Andrew is a self-educated business owner and entrepreneur with plenty of free advice (which is worth exactly what you pay for it!).
If you're a value investor who has been investing in individual stocks for a few years, you've probably acquired a sizeable portfolio of businesses you think will perform well over the long term. You may have sold some stocks as they've increased in value. You've likely tended to your garden of stocks, pruning the weeds (the businesses Mr. Market is selling for a great deal more than you think they're worth) whenever they grow out of control.
Hopefully, you're starting to feel comfortable with your process for buying and selling on an individual stock basis. Now it's time to think about the bigger picture. What your overall portfolio looks like can help you determine which stocks to buy or sell next.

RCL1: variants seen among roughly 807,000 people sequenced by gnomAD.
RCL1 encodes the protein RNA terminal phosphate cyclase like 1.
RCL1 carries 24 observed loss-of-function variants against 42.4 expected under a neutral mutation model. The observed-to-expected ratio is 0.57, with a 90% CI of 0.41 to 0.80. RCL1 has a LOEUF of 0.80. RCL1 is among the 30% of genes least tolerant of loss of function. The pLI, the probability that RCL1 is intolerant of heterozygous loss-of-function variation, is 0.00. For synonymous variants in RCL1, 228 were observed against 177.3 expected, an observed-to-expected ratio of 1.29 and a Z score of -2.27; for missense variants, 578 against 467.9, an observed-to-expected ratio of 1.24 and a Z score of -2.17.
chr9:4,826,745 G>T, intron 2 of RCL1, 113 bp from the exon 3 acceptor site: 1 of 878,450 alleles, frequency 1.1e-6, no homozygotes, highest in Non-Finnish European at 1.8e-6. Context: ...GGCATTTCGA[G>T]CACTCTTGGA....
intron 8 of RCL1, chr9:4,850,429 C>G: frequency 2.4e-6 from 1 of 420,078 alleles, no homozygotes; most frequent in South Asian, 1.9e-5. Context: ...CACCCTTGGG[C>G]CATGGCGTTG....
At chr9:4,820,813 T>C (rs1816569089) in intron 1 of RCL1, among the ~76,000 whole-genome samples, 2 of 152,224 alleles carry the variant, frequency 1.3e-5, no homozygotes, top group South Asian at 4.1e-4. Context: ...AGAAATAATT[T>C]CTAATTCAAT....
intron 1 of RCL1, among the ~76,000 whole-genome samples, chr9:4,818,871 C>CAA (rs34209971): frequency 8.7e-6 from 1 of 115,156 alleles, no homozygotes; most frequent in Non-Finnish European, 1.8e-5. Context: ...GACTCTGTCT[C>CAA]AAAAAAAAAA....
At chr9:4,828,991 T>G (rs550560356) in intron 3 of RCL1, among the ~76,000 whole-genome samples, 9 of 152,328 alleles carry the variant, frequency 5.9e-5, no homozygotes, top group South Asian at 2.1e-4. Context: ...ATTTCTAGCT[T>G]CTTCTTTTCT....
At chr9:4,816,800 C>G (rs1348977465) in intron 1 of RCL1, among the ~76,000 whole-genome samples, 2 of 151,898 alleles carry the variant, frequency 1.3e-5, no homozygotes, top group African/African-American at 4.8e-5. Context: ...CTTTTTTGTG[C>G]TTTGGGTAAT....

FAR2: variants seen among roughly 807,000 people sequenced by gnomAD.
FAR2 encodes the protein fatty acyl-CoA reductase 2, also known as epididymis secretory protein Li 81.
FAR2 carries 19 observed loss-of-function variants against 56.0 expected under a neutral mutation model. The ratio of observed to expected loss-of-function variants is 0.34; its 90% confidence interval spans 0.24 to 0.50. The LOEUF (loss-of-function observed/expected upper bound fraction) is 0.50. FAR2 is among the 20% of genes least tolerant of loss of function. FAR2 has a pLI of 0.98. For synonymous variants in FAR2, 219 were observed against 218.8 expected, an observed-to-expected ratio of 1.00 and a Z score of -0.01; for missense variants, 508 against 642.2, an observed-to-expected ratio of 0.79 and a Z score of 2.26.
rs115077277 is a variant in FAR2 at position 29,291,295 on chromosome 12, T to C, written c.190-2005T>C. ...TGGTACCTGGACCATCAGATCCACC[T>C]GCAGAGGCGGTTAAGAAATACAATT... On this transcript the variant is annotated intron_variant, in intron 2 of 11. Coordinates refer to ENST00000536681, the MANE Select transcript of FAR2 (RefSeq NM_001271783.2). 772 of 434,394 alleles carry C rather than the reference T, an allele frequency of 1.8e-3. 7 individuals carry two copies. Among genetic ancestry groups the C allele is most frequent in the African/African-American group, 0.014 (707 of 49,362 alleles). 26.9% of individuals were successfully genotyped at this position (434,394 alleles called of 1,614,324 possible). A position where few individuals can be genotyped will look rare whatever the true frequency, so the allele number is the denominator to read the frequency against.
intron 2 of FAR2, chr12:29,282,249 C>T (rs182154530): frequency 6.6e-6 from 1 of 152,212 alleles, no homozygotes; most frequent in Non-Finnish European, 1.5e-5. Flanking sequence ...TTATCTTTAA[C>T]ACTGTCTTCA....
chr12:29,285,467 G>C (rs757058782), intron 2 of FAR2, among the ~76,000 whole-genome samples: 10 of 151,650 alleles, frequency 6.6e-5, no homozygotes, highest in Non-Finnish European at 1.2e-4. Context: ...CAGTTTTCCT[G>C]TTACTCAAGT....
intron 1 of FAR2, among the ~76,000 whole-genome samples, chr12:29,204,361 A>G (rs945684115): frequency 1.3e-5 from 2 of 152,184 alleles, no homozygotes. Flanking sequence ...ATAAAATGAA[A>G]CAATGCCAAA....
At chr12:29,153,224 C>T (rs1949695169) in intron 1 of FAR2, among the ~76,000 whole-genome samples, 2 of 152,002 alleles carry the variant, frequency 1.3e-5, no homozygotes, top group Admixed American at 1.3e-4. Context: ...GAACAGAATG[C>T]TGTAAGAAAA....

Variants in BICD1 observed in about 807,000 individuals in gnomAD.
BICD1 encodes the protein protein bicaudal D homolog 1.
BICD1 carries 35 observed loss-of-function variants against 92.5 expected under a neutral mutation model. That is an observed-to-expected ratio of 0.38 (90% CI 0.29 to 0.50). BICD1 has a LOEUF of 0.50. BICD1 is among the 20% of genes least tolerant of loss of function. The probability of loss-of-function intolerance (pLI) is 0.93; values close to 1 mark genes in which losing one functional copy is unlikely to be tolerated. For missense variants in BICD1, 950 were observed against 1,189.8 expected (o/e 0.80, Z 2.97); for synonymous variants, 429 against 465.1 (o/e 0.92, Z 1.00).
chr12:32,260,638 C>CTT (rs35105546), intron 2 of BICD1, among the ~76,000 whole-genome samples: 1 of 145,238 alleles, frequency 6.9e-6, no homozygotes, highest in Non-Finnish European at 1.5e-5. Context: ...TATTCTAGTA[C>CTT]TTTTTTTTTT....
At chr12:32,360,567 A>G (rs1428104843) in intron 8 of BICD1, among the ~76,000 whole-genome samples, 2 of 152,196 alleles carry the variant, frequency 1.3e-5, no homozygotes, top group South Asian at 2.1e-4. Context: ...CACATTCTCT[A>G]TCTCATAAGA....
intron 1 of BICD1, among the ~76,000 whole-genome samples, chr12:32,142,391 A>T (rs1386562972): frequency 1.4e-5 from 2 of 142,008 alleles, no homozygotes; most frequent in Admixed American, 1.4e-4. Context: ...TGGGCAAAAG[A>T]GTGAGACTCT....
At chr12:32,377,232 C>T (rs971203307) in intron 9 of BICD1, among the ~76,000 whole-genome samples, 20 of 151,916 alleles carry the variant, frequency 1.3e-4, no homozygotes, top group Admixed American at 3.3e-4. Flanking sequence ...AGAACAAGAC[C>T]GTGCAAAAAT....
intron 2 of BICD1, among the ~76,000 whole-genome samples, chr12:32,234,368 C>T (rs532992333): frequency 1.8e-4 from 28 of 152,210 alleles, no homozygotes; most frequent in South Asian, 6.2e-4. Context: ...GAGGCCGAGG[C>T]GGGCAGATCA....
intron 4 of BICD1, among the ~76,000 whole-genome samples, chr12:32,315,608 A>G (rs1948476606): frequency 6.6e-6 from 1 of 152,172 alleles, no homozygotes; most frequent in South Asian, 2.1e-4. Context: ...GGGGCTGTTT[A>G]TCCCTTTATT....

What follows is a three-step process that represents a very practical framework you can apply to your own investing strategy to help you determine what to be on the lookout for and when to do some helpful pruning. By looking at the big picture and using this view to help guide your micro decisions, you can add another important dimension to your stock picking and make far better decisions in the long run.
Step 1: Define Your Sectors
When you're trying to ensure that your portfolio will do well under a large variety of conditions, it's important to have enough diversification to offset the chances of the overall value of your holdings declining rapidly.